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Ben Nadel at cf.Objective() 2017 (Washington, D.C.) with: Valerie Poreaux
Ben Nadel at cf.Objective() 2017 (Washington, D.C.) with: Valerie Poreaux ( @valerieporeaux )

Handling 401 Unauthorized Responses In Turbo Drive And ColdFusion

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For the past few months, I've been digging into the use of the Hotwire framework in a ColdFusion context. And, for the most part, everything I've looked at so far has represented the "happy path" - all that which happens when everything goes right. Now, I want to start looking at some failure cases - the so-called "sad path." In today's post, I'm considering ways to respond to an unauthorized request in a ColdFusion application.

View this code in my ColdFusion + Hotwire Demos project on GitHub.

Handling errors in a Hotwire application is more complicated than a vanilla ColdFusion application because requests can be made in different contexts. Some requests are made as top-level page requests; and, can seamlessly follow 301 / 302 responses. Other requests are made in a Turbo Frame context; and, don't provide any built-in mechanism for breaking out of the frame on error.

Thankfully, Turbo Drive includes a special HTTP header when it is making requests in a Turbo Frame context: Turbo-Frame. If this HTTP header is present (the id of the contextual frame), we can respond with a frame-specific error; and, if this HTTP header is absent, we can respond with a traditional location() based redirect.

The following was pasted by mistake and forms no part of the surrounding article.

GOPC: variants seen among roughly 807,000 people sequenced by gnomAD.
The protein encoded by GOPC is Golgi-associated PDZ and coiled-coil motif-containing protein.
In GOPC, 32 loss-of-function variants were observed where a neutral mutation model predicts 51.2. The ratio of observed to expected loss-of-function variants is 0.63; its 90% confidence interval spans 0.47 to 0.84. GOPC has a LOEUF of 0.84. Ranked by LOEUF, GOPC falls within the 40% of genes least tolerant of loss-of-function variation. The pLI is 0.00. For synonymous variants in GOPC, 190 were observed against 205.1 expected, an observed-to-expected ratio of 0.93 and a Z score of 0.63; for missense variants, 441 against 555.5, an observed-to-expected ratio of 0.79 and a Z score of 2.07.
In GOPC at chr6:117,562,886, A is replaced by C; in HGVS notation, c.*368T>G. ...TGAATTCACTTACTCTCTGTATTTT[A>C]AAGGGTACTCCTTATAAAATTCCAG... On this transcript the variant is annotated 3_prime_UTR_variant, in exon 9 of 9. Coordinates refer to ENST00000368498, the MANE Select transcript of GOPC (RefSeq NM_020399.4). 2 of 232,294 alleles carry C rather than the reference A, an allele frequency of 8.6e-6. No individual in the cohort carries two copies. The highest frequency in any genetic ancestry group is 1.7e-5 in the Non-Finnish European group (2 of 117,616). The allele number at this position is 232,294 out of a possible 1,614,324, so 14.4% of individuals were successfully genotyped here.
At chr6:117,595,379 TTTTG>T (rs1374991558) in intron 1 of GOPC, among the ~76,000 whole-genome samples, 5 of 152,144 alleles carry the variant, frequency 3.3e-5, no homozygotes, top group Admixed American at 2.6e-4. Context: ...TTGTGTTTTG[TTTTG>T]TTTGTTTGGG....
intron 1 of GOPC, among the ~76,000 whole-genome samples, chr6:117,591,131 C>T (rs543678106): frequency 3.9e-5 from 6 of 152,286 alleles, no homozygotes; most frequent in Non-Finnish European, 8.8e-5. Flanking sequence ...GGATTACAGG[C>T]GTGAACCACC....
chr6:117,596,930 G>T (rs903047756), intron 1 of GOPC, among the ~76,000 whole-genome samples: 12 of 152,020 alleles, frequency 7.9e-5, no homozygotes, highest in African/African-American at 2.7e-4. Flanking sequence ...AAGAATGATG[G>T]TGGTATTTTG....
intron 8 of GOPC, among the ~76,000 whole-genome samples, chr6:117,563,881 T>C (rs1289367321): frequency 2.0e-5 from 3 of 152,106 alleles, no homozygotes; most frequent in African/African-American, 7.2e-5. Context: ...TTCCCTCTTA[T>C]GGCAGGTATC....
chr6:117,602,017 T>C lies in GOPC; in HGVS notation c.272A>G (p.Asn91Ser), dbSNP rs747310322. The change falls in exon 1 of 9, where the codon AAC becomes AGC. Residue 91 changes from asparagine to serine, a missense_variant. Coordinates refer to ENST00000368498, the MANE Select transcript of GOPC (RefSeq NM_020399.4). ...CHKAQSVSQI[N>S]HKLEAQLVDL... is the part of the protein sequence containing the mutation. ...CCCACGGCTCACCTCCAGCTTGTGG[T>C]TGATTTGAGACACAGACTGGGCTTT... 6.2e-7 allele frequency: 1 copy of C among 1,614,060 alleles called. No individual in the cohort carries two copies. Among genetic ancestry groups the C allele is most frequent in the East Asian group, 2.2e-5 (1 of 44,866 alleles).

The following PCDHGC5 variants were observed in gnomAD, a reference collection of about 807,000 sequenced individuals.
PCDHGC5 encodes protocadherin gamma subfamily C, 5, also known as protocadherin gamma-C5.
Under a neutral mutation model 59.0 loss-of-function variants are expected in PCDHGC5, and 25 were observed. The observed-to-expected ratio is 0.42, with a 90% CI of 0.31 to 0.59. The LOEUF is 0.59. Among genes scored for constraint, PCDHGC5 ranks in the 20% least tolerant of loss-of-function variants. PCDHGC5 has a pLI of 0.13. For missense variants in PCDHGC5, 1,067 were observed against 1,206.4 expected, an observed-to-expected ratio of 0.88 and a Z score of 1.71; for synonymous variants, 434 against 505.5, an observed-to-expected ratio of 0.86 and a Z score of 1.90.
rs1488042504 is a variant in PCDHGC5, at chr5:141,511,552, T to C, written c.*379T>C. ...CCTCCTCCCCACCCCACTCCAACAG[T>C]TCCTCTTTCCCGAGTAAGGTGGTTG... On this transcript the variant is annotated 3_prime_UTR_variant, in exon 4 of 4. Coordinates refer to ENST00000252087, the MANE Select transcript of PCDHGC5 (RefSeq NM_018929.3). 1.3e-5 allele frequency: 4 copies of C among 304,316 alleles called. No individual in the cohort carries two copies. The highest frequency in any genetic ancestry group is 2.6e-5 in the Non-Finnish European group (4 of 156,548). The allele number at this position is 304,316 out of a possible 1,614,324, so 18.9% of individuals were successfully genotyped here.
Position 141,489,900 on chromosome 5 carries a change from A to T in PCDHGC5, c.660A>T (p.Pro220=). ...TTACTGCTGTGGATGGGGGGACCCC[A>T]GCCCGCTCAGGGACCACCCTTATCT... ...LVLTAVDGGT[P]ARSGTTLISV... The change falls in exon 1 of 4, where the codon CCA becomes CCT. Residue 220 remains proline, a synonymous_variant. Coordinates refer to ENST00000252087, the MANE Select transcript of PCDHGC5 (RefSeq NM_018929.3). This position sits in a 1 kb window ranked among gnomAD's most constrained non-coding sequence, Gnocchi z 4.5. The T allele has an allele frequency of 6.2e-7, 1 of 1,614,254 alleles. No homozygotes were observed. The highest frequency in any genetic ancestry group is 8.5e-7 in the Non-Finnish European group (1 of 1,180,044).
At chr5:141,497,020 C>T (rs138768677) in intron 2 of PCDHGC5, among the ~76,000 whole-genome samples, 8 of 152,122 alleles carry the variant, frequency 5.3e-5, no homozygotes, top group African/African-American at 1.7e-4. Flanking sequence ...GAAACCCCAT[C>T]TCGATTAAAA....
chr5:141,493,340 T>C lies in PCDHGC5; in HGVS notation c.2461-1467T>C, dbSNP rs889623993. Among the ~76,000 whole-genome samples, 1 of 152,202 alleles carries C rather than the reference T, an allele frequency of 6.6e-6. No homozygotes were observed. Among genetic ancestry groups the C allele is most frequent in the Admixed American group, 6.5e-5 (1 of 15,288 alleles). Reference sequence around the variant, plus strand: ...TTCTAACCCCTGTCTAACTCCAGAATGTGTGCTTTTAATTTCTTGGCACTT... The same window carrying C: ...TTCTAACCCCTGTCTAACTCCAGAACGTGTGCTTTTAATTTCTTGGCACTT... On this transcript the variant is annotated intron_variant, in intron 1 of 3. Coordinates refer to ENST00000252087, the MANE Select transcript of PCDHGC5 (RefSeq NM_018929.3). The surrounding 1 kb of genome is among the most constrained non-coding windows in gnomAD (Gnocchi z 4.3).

To demonstrate this bifurcation, I've created a hard-coded oops.cfm file to represent our 401 Unauthorized request. If we're not in a Turbo Frame when this is called, I'll redirect to index.cfm - our login page. And, if we are in a Turbo Frame, I'm going to respond with a meaningful message to the user.

<cfscript>

	// If the UNAUTHORIZED request is being made OUTSIDE OF ANY TURBO FRAME, then we can
	// simply redirect the user back to the login page, the same way that we might for any
	// other ColdFusion application using an authentication / authorization wall.
	if ( ! request.turbo.isFrame ) {

		location( url = "./index.htm", addToken = false );

	}

	// ------------------------------------------------------------------------------- //
	// ------------------------------------------------------------------------------- //

	// If the UNAUTHORIZED request is being made INSIDE A TURBO FRAME context, then
	// returning a redirect gets a bit tricky. The redirect will apply to the Turbo Frame
	// itself, not to the entire page. I'm not sure that there is a "right way" to do
	// this. For this demo, I'm going to return a static value (indicating the logged-out
	// state) with the option to also render a custom Turbo Stream element that performs
	// an automatic redirect.
	param name="url.useStream" type="boolean" default=false;

	header
		statusCode = 401
		statusText = "Unauthorized"
	;

</cfscript>
<cfoutput>
	<!--- Make sure to echo the correct frame ID. --->
	<turbo-frame id="#encodeForHtmlAttribute( request.turbo.frame )#">

		<p>
			You've been logged-out.
			<a href="./index.htm" data-turbo="false">Please login</a>
			to continue using the app.
		</p>

		<!---
			If the stream flag is enabled, this custom action will perform an automatic
			redirect of the top-level page.
		--->
		<cfif url.useStream>
			<turbo-stream
				action="visit"
				data-url="./index.htm">
			</turbo-stream>
		</cfif>

	</turbo-frame>
</cfoutput>

As you can see, if the unauthorized request is being made in the context of a Turbo Frame, I'm doing several things:

  • I'm making sure to echo the id of the Turbo Frame as provided by the Turbo-Frame HTTP header (extraction not shown in this code).

  • I'm providing a message about being logged-out, complete with an explicit link back to the login page.